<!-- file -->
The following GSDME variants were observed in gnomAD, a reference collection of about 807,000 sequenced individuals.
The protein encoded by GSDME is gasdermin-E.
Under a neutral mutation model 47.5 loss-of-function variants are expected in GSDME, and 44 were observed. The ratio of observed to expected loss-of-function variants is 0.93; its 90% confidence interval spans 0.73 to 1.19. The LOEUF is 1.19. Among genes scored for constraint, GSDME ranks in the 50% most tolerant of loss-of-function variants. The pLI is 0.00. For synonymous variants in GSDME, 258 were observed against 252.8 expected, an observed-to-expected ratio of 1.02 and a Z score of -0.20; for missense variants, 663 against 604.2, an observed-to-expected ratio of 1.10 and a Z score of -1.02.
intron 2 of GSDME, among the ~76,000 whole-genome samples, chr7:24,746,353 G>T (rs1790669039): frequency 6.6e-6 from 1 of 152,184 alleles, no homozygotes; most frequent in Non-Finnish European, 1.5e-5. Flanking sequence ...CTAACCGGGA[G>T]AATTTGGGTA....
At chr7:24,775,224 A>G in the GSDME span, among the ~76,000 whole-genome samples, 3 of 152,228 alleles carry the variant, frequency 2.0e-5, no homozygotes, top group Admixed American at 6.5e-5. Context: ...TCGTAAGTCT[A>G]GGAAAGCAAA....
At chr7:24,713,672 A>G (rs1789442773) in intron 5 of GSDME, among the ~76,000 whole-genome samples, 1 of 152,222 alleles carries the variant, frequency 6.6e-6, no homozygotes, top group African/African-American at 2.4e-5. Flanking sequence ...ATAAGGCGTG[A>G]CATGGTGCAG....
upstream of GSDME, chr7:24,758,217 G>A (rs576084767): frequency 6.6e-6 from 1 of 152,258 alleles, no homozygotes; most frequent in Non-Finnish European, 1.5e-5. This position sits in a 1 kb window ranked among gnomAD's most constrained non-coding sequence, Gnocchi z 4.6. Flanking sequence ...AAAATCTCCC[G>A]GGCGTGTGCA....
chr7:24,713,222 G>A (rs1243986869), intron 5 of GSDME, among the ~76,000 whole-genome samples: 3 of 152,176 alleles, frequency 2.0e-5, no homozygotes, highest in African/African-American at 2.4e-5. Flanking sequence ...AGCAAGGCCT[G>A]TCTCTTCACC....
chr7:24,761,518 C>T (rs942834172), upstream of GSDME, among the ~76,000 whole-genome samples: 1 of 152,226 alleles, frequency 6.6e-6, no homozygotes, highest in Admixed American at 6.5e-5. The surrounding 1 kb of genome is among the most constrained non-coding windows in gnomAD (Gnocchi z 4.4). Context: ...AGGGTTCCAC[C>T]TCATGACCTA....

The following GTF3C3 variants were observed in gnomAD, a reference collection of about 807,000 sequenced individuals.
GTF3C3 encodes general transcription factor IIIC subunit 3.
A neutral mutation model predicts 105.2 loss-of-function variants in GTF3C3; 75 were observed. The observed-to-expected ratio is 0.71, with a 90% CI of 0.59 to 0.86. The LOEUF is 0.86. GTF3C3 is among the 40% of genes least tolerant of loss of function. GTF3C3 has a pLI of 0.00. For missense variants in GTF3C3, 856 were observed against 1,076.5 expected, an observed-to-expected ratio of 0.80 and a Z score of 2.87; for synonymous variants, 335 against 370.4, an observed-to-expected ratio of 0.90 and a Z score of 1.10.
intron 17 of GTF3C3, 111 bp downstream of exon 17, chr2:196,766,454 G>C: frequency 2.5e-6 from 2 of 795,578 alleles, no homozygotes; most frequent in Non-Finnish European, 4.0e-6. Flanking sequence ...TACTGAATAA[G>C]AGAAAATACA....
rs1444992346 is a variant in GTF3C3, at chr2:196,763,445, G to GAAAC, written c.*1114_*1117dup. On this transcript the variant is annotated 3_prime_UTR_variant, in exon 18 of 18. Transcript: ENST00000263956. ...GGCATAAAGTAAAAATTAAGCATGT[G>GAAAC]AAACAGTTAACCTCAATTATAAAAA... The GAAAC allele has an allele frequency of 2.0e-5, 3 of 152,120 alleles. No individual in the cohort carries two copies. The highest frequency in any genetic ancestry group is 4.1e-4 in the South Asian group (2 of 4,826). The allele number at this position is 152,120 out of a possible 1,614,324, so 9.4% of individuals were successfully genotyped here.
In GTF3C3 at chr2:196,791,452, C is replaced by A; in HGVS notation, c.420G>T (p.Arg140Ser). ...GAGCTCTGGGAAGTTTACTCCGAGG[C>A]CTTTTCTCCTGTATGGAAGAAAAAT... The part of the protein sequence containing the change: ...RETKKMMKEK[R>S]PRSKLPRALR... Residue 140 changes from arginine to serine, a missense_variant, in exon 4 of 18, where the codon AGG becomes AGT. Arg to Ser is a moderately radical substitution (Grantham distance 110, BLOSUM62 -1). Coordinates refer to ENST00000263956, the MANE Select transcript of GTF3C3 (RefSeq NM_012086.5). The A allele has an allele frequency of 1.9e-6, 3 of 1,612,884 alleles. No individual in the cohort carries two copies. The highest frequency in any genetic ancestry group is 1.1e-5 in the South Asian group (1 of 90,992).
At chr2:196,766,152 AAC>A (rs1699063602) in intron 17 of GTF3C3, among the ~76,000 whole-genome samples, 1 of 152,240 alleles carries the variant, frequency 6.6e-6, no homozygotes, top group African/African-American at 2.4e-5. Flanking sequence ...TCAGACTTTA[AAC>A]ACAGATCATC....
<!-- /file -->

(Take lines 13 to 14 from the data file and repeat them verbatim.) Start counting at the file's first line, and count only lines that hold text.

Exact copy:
intron 17 of GTF3C3, 111 bp downstream of exon 17, chr2:196,766,454 G>C: frequency 2.5e-6 from 2 of 795,578 alleles, no homozygotes; most frequent in Non-Finnish European, 4.0e-6. Flanking sequence ...TACTGAATAA[G>C]AGAAAATACA....
rs1444992346 is a variant in GTF3C3, at chr2:196,763,445, G to GAAAC, written c.*1114_*1117dup. On this transcript the variant is annotated 3_prime_UTR_variant, in exon 18 of 18. Transcript: ENST00000263956. ...GGCATAAAGTAAAAATTAAGCATGT[G>GAAAC]AAACAGTTAACCTCAATTATAAAAA... The GAAAC allele has an allele frequency of 2.0e-5, 3 of 152,120 alleles. No individual in the cohort carries two copies. The highest frequency in any genetic ancestry group is 4.1e-4 in the South Asian group (2 of 4,826). The allele number at this position is 152,120 out of a possible 1,614,324, so 9.4% of individuals were successfully genotyped here.